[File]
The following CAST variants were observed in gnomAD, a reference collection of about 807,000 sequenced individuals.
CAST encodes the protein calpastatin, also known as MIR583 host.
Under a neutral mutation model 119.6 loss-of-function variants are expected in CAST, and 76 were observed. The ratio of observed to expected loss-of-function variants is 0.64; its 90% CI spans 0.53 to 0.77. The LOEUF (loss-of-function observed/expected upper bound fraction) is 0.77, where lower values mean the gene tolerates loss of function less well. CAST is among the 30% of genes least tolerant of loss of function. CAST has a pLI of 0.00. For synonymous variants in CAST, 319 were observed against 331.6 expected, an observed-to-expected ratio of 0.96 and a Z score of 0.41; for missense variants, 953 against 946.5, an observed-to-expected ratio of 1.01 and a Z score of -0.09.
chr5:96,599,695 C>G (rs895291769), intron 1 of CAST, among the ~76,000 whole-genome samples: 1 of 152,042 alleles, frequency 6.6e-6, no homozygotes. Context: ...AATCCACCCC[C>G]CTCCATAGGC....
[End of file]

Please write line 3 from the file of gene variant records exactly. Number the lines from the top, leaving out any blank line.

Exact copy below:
Under a neutral mutation model 119.6 loss-of-function variants are expected in CAST, and 76 were observed. The ratio of observed to expected loss-of-function variants is 0.64; its 90% CI spans 0.53 to 0.77. The LOEUF (loss-of-function observed/expected upper bound fraction) is 0.77, where lower values mean the gene tolerates loss of function less well. CAST is among the 30% of genes least tolerant of loss of function. CAST has a pLI of 0.00. For synonymous variants in CAST, 319 were observed against 331.6 expected, an observed-to-expected ratio of 0.96 and a Z score of 0.41; for missense variants, 953 against 946.5, an observed-to-expected ratio of 1.01 and a Z score of -0.09.